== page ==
From the LA times blog:
Angelides at Kennedy High: Cornel West and Banana Suits
In the smart-kid wing of Kennedy High School in Sacramento, the halls were empty about a half hour before state Treasurer Phil Angelides arrived this morning with his longtime friend Cornel West, the theologian and intellectual who first met Angelides when they were freshmen at Harvard. In one empty classroom, a lone teacher wearing a sweater vest carefully made his way to the whiteboard: "Write sentences with vocabulary words," he instructed.
Across the hall, students, many in costumes, filed into an Advanced Placement government class. One wore a banana suit. The student body president was dressed as a doctor, and another came as a dark angel, signaling doom. A bored-sounding student read the Pledge of Allegiance over the public address system. Hardly anyone noticed. The boy in the banana suit turned toward the U.S. flag.
Angelides and West arrived in the classroom and took their place before the students. Reporters and cameramen were in one corner near a row of books: "Ishi" and "Hiroshima." On the wall, teacher Todd Whalen kept a collection of kitschy postcards in plastic cases along with photographs of himself with students.
Angelides spoke first, mentioning a mock election of Kennedy seniors in which he beat Gov. Arnold Schwarzenegger by 13 votes — 161 to 148: "I'm very honored that the students at Kennedy chose me over Arnold Schwarzenegger."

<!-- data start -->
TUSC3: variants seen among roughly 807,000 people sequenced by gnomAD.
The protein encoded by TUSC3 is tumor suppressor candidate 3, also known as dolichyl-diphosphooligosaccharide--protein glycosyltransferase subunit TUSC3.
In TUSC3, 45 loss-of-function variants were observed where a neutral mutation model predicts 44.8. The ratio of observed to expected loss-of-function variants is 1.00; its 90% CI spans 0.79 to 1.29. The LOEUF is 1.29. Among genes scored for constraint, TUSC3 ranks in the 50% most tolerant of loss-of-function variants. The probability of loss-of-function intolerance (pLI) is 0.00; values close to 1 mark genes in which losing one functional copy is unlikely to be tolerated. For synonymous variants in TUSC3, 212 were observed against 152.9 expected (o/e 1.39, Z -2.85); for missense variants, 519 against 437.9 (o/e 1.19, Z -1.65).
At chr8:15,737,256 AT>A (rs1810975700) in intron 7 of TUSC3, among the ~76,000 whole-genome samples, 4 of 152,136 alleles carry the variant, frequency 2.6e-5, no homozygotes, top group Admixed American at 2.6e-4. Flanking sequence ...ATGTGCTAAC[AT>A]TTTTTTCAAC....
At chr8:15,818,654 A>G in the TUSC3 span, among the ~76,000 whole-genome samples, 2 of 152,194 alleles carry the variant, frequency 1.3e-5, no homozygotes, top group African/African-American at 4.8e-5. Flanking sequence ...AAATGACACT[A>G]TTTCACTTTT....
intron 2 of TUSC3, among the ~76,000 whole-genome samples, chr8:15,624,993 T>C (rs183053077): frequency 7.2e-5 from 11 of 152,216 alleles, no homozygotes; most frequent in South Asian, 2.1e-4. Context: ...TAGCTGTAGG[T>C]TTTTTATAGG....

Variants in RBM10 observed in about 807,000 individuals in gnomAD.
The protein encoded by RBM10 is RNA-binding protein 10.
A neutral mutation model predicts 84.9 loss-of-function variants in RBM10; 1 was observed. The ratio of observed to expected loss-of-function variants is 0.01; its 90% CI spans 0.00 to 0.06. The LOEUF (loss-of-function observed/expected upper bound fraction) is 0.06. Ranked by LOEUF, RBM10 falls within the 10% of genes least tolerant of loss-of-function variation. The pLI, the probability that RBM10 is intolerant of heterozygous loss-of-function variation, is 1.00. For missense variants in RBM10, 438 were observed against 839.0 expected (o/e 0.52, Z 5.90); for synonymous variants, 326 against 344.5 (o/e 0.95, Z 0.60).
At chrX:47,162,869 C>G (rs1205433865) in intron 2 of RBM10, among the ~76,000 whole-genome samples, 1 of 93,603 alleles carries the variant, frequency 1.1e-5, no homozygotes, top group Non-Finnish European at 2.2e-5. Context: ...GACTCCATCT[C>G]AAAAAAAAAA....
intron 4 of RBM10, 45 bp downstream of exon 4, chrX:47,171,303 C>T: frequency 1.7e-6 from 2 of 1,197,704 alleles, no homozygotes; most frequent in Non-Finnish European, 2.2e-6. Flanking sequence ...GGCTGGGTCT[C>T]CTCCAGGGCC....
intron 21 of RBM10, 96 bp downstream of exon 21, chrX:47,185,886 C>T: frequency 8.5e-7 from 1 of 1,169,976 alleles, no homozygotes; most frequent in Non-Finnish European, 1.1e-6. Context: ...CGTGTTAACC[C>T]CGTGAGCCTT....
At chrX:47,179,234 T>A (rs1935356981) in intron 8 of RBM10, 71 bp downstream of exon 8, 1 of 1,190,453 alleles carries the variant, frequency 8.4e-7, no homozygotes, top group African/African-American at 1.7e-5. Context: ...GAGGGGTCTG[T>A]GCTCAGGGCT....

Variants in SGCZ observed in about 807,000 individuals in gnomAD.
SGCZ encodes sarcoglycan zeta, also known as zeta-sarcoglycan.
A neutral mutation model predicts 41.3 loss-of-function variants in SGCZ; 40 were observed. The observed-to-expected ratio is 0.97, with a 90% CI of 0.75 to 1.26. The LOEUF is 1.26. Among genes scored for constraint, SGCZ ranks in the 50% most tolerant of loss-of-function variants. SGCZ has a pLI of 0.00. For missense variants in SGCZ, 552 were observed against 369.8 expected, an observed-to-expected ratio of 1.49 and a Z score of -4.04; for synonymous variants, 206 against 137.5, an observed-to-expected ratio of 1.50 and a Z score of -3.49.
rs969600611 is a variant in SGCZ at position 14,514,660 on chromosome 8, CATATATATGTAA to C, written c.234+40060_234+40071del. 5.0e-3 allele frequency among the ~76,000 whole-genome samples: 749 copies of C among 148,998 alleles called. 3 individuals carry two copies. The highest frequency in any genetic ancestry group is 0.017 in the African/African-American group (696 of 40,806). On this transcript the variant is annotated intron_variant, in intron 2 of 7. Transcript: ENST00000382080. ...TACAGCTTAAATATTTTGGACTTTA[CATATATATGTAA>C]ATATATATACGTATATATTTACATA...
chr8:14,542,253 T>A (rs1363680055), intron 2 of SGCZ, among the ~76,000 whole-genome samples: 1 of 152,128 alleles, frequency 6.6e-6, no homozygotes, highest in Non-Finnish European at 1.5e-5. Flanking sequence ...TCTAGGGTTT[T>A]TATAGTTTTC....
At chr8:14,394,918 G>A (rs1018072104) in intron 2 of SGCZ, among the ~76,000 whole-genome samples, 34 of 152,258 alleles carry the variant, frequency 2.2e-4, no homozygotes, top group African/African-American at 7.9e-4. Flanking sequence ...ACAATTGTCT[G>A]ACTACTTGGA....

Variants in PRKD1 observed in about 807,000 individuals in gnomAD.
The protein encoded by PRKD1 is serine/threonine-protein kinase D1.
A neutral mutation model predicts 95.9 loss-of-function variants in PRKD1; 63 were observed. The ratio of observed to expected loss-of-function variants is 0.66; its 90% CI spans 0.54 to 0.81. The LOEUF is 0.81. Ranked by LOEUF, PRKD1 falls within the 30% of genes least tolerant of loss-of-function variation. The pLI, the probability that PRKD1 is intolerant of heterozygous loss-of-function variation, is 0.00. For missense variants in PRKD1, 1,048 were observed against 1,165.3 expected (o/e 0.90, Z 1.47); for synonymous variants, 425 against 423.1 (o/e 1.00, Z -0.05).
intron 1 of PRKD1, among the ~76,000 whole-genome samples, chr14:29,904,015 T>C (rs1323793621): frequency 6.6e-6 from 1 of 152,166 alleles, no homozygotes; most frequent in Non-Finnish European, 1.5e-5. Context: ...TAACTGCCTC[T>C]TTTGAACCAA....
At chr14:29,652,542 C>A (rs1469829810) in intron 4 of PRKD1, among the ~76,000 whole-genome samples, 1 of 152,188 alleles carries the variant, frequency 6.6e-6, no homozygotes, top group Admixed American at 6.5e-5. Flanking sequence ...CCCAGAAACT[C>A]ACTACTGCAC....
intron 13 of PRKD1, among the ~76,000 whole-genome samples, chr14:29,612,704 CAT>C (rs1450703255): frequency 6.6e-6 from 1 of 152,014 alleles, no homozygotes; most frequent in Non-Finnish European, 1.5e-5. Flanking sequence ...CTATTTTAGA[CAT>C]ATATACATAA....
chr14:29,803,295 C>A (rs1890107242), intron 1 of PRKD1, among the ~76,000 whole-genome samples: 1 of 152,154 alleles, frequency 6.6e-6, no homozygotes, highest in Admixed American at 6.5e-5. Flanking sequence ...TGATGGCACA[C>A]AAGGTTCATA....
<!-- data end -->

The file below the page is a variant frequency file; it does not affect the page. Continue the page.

Then he pointed toward student Exie Frazier, the editor of the school newspaper, to ask the first question. Frazier spoke about "shady characters" in politics and wondered why Angelides had not fulfilled his promise from several months ago to provide students with free copies of West's books. Angelides promised her he would get the books ASAP, with his own money. His staff said the books were purchased in June and delivered today — the campaign wanted to wait until the next Angelides-West visit to deliver them.
"You know what, it would be the potential journalist who would ask that question," Angelides joked.
A student asked about Proposition 85, which would require parental notification if a minor seeks an abortion. Angelides told the students that Schwarzenegger supports it and called the initiative a right-wing plot to take away women's rights. Another student, standing in the corner, asked about the "illegal immigrant issue" and wondered what could be done about immigrants using public facilities and not paying taxes. Angelides said "we need a real border" and spoke of his immigrant mother and grandparents.
Angelides said the state would "come to a grinding halt" if immigrants were to leave, because they provide so much for the economy. West, a graduate of Kennedy High, said: "I just wish we could be as scrutinizing of corporations that often don't pay their fair share of taxes." He mentioned Jesus' admonition to focus on the least of us.
The talk soon turned to the huge amounts that state and federal governments spend on war and prisons, and not schools. "We're being stupid about this," Angelides said. "We are not investing in the front end of life and paying more for the back end."
West mentioned the disproportionate number of African Americans in prison and lamented: "Especially brothers, especially brothers."
Afterward, the two men shook hands with students, hugged each other, and went their separate ways.